Ferrari have confirmed Valentino Rossi lapped quicker than any of the F1 cars during last year’s race during his test in an F2008 today.
He was 0.8s quicker than the best lap set by Rubens Barrichello during the 2009 Grand Prix.
But an F1 car with 2008 levels of downforce and running slick tyres (even GP2 ones) should be quicker than a 2009-specification car – so should we be excited about Rossi’s lap?
Here’s how Rossi’s time compared to recent F1 laps at the track:
|Private Ferrari test, January 2010||Valentino Rossi||1’21.900*|
|Spanish Grand Prix, May 2009||Rubens Barrichello||1’22.762|
|Spanish Grand Prix Q2, May 2009||Rubens Barrichello||1’19.954|
|Spanish Grand Prix, May 2008||Kimi R?â?ñikk?â?Ânen||1’21.670*|
|Spanish Grand Prix Q2, May 2008||Felipe Massa||1’20.584*|
*Lap time set in a Ferrari F2008
From the picture above it’s clear Ferrari are pretty happy with Rossi’s lap time. But trying to make an objective call on how good it was is difficult because there are important things we don’t know.
Ferrari pointed out Rossi’s time was better than Barrichello’s during last year’s Grand Prix at Spain. But was Rossi running a race stint simulation, or a one-lap low-fuel run?
We don’t even know if Ferrari were running the F2008 in a race-legal specification – it could have been ballast-free and under the minimum weight limit. But let’s give them credit that they wouldn’t waste time doing something like that just to bolster his ego.
There are also important technical differences between the 2008 and 2009 cars to consider. The F2008 has higher levels of downforce than the BGP 001. And Ferrari were running the car on grippier slick tyres. It’s difficult to put a time-per-lap estimate on the advantage this gave Rossi, but we’re surely looking at whole seconds.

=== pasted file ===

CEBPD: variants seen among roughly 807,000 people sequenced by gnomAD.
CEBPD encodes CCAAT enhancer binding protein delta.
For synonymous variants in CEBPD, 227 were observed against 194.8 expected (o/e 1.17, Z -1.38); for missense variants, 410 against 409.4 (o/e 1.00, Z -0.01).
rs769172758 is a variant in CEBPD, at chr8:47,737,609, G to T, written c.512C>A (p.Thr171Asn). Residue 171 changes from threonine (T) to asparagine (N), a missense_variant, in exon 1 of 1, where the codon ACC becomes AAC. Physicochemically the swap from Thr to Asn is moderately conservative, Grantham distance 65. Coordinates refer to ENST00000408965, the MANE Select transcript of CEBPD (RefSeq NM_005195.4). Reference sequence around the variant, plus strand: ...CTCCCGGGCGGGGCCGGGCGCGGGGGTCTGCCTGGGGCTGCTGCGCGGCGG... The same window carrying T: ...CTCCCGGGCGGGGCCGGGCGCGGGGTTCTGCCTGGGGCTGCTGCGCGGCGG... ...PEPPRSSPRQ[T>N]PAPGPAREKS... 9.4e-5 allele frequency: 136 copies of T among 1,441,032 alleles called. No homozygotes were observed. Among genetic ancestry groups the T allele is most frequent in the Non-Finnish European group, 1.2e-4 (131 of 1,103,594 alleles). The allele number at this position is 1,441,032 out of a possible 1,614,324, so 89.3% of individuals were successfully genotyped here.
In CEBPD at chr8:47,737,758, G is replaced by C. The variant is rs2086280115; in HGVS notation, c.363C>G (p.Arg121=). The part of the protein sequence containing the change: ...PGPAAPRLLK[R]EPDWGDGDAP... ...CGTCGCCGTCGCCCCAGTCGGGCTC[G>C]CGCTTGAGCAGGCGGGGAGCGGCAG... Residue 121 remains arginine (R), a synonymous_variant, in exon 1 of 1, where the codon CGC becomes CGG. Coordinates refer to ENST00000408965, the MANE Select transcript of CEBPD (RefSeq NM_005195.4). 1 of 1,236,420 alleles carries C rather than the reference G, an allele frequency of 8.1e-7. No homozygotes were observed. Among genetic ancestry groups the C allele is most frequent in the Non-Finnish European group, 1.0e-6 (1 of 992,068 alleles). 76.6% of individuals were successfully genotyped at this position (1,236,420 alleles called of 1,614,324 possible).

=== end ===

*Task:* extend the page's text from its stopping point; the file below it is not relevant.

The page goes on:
To give Rossi credit, he set the time at a test session where his was the only car, so the track won’t have benefitted from being rubbered-in as it would in the late stages of a Grand Prix.
And most importantly, he is not a full-time Grand Prix driver – he plies his trade in an entirely different discipline of motor racing.
Luca Baldisseri pointed out that Rossi continued to better his times during his two days and reckons there is more to come from the eight-times Moto GP champion:
We tried different set ups and he improved a lot: this means that the driver learns quickly and has room for improvement.
Regardless of how well he goes in these occasional tests it seems Rossi is not looking beyond motorbike racing for anything other than the odd race at the moment. A pity, because there’s room for a driver with his personality and massive popularity in F1.
We should get a better guide for how fast his time was when Felipe Massa takes to the track in the same setup tomorrow. I hope it stays dry…
See pictures and video from Rossi’s test here: Massa joins Rossi at Ferrari?óÔé¼Ôäós Barcelona test (Video and pictures)
Image (C) Ferrari spa